“I wasn't mad at her. I was like, ‘Yeah, I understand why she is doing this,’ ” Kargbo said. “Your only son, you don't want him to leave. As a parent, your husband is dead. . . you need someone to stand strong and help the family out.”
After giving birth to another child this past winter, Kamara, 44, became ill and had a stroke, Kargbo said. She returned to Sierra Leone shortly thereafter to visit her family, but died just days later, on Feb. 19. Word traveled back that day from an uncle to Kargbo, who was in class at Mount Vernon.
First-year Majors Coach Anthony Garza was sitting at home that night when he received a text message: “My mom died.” Kargbo called a moment later.
“After about five minutes on the phone of being upset,” Garza said, “for some reason, his voice just became calm and he just started talking normal about the upcoming season.”
In the two-plus months since, Kargbo’s grades have dropped. When he can’t be on the soccer field, he impulsively draws pictures in a sketchbook. And on the field, his team has struggled. He has scored just three goals this season and the Majors are 3-7-2 one year after winning their first Virginia AAA National District title since 2004.
A path forward
It was instinctual for Kargbo to obsess about soccer following his mother’s death. He knows it can bring him peace.
Kargbo remains one of the area’s most skilled players, a cat-quick forward with a unique feel on the ball. He has continued a strict training regimen this spring, often splitting time between Mount Vernon and his club team. He lives with his uncle, Alhassan Kamara (his mother’s twin brother), Karbgo’s younger sister and Kamara’s two children in Alexandria.
Kargbo is either playing in or watching a live game every day.And he’s writing to college coaches. His recruitment has been relatively quiet this spring, but Kargbo has still expressed his interest to coaching staffs at the UMBC, the University of the District of Columbia, any school that will listen, really.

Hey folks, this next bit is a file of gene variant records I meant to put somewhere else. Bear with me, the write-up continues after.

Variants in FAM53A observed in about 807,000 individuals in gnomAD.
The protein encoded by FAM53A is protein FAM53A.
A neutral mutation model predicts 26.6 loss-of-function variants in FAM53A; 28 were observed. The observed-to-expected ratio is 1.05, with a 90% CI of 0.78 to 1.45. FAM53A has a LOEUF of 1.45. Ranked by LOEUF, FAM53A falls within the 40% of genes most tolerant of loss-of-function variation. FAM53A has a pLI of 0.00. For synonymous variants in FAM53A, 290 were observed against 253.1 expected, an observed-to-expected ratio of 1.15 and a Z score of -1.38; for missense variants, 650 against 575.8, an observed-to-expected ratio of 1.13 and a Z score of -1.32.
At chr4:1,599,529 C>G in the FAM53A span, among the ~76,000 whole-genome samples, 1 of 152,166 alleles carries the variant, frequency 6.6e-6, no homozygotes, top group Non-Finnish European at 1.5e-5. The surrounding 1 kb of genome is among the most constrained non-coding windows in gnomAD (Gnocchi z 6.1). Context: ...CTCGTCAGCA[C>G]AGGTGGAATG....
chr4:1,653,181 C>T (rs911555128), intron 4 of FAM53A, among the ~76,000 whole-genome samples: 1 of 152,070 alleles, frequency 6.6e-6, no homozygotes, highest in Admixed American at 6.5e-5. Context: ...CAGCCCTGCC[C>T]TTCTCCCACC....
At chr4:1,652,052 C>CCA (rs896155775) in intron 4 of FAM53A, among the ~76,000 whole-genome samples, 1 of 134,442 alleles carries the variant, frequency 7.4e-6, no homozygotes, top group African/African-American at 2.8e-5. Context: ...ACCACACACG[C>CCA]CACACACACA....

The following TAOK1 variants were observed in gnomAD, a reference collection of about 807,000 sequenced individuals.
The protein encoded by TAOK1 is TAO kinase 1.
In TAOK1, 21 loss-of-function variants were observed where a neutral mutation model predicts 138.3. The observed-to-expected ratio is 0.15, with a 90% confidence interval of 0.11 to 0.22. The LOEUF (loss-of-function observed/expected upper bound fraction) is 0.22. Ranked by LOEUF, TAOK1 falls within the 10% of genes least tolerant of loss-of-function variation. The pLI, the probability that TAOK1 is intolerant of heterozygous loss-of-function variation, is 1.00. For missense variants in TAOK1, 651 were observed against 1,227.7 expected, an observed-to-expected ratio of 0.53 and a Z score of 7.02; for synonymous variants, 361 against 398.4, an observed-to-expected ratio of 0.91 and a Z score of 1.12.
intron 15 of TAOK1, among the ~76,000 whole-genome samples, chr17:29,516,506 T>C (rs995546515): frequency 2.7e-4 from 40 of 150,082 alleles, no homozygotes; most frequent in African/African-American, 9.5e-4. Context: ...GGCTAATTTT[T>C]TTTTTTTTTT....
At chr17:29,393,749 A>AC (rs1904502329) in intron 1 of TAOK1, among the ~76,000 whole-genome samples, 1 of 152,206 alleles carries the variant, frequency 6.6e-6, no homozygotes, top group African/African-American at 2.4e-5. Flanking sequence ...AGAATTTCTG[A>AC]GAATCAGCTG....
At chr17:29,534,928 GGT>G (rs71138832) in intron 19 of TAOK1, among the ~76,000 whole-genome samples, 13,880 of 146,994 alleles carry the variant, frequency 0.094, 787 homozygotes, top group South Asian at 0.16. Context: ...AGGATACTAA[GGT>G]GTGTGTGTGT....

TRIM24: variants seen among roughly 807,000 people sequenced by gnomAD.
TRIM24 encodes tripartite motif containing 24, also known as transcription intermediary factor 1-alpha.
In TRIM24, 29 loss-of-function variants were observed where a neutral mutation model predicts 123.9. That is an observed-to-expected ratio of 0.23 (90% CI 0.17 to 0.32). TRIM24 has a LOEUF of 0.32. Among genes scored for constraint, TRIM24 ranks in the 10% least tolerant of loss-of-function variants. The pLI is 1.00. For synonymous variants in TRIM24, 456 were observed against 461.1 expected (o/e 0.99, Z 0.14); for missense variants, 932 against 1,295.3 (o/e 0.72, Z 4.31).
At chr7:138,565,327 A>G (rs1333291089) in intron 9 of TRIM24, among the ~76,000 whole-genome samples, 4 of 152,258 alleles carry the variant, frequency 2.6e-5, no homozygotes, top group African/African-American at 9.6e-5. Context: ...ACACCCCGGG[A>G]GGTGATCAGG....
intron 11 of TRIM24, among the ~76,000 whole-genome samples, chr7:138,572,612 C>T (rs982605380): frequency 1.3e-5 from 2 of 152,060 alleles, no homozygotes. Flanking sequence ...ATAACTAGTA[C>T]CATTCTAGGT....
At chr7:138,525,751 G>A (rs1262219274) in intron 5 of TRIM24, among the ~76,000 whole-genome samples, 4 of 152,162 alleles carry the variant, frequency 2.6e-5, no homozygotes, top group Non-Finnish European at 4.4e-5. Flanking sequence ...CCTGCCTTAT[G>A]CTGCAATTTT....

A former youth coach, Tony Damiani, said that it’s possible that Kargbo could land at William Peace University in North Carolina, a Division III school that has strong ties to the coaching staff at Mount Vernon. Robinson Coach Bobby Garza, Anthony Garza’s brother, who coached Kargbo for three years at Mount Vernon before joining the Rams last spring, has also been trying to win exposure for Kargbo with area programs such as George Washington. And Kargbo remains close with Oliver Weiss, the former Virginia Tech head coach who is a prominent academy coach in the area and has talked with Kargbo about pursuing a contract overseas.
“He’s one of those kids that truly lives the game. Always looking to play,” said Damiani, who coached Kargbo as a youth in Alexandria and is still one of his most trusted mentors.
Kargbo has been having more and more dreams about his mom since she passed. He no longer has nightmares about the war. He has dreamed about her sitting next to him and teaching him how to cook, sharing her recipes and showing him how to be a man that takes care of himself. Like the soccer field, his dreams are a portal.
“I just dream about back then, and other things we used to do,” Kargbo said. “And then I’m happy.”